Nasty cut to maternity grants
Today the government published their plans for new regulations on Sure Start Maternity Grants. The Grants help low-income families meet the extra costs of maternity and having a new baby and the government’s plans will stop families qualifying if they already have a child under 16. This will halve the numbers qualifying and cut spending £73 million a year. Measures like this have to go to the statutory Social Security Advisory Committee before they can be introduced and today’s publication includes the SSAC report and the government’s response to the points they made.
The TUC sent the SSAC our views on the proposals. We pointed out that:
- A cut to maternity benefits must have negative equality implications – it will have the worst effects for women and members of some minority ethnic groups.
- Large families – which are disproportionately likely to be poor – will be hardest hit, so this change will increase child poverty.
- It will also hit families with unexpected late additions, second families, migrant families, women escaping violence and families that have come down in the world and never realised that one day they would need means-tested help.
We were glad to see that the SSAC’s report makes these points. They made two main recommendations: either that the government should wait until plans to extend Budgeting Loans to cover maternity costs have been brought in or that the savings should be made by halving the payment, rather than cutting eligibility.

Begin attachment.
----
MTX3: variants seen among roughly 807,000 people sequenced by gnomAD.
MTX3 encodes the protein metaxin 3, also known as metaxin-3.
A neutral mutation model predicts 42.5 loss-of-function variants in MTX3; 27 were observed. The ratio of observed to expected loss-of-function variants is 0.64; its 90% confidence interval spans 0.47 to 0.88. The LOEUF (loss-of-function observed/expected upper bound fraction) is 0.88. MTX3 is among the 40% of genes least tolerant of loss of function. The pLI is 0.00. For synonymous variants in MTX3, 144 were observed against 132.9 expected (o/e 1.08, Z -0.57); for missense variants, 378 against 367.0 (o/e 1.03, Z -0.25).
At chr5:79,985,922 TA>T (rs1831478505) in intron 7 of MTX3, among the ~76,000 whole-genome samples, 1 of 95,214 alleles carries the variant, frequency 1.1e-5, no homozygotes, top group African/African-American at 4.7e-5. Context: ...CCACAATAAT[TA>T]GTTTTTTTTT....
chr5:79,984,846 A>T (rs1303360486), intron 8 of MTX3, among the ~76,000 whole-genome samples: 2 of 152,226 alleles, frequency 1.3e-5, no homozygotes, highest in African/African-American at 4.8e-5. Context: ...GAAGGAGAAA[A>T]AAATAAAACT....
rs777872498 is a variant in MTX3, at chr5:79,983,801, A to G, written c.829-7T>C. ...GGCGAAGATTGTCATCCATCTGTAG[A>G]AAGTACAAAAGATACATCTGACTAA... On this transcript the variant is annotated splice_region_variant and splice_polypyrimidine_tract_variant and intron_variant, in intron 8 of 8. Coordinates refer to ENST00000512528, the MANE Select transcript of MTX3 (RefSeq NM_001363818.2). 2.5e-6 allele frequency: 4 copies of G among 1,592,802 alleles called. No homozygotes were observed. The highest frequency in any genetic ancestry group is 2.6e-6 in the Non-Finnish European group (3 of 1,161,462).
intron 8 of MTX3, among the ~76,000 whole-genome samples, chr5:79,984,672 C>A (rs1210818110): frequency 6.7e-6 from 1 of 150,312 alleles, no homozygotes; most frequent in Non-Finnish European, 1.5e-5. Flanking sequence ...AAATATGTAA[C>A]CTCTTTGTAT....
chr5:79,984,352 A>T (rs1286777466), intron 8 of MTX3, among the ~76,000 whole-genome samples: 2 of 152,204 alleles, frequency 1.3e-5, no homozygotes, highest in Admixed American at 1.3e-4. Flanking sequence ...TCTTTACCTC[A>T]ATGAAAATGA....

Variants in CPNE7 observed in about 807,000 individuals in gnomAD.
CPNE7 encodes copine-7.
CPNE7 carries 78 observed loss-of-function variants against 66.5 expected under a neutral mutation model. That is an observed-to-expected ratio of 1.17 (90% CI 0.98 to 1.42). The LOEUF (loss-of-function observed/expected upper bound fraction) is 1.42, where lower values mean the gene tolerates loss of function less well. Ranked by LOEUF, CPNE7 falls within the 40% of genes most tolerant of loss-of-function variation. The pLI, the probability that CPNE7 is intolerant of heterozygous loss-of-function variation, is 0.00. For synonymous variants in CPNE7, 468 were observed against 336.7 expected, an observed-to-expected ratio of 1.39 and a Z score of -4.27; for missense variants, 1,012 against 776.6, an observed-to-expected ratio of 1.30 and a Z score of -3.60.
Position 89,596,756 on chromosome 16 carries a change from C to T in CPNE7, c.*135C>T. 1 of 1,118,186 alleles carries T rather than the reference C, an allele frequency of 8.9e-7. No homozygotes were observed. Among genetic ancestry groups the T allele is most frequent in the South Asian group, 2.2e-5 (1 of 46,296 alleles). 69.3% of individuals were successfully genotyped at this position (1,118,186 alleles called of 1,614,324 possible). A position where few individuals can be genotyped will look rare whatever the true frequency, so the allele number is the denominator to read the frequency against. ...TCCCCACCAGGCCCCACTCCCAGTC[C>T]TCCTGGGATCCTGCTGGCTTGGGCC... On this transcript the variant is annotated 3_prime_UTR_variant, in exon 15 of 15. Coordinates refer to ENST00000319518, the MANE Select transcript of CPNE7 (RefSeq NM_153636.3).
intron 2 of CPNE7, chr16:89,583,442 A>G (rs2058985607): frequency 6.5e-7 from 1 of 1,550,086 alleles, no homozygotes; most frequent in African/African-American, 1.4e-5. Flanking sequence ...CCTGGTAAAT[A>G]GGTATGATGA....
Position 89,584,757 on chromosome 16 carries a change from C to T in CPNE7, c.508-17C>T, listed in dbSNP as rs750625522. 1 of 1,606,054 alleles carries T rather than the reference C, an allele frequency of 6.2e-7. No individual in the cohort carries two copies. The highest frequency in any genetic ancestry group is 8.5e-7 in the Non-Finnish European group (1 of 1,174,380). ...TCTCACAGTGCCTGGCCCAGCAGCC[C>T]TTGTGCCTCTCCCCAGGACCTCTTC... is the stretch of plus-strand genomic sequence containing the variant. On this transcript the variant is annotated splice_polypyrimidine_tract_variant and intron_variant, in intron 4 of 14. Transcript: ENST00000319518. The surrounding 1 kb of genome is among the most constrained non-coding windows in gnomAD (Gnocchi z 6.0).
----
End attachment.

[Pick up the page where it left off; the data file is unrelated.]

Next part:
The government’s reply is breathtaking – their answer to the first recommendation is basically that they want their savings now, and they don’t care to wait. On the second, they say they announced this policy back in June and they don’t plan to change it now.
They add that fewer than 10 per cent of second children were born more than five years after the first child. The government has nothing to say about what is to be done for this minority and refuses to accept any other reason why families may not have items that can be reused for other children.
It’s hard to know which is worse: the hard-hearted unwillingness to consider the likely impact on poverty or the bald-faced insistence that they’ve decided their policy and nothing anyone else says is going to change their mind.
Update: ASDA calculate that parents spend £1,407 in a baby’s first month and £9,152 in the baby’s first year; 72 per cent of pregnant women say their biggest worry is the costs associated with the new baby.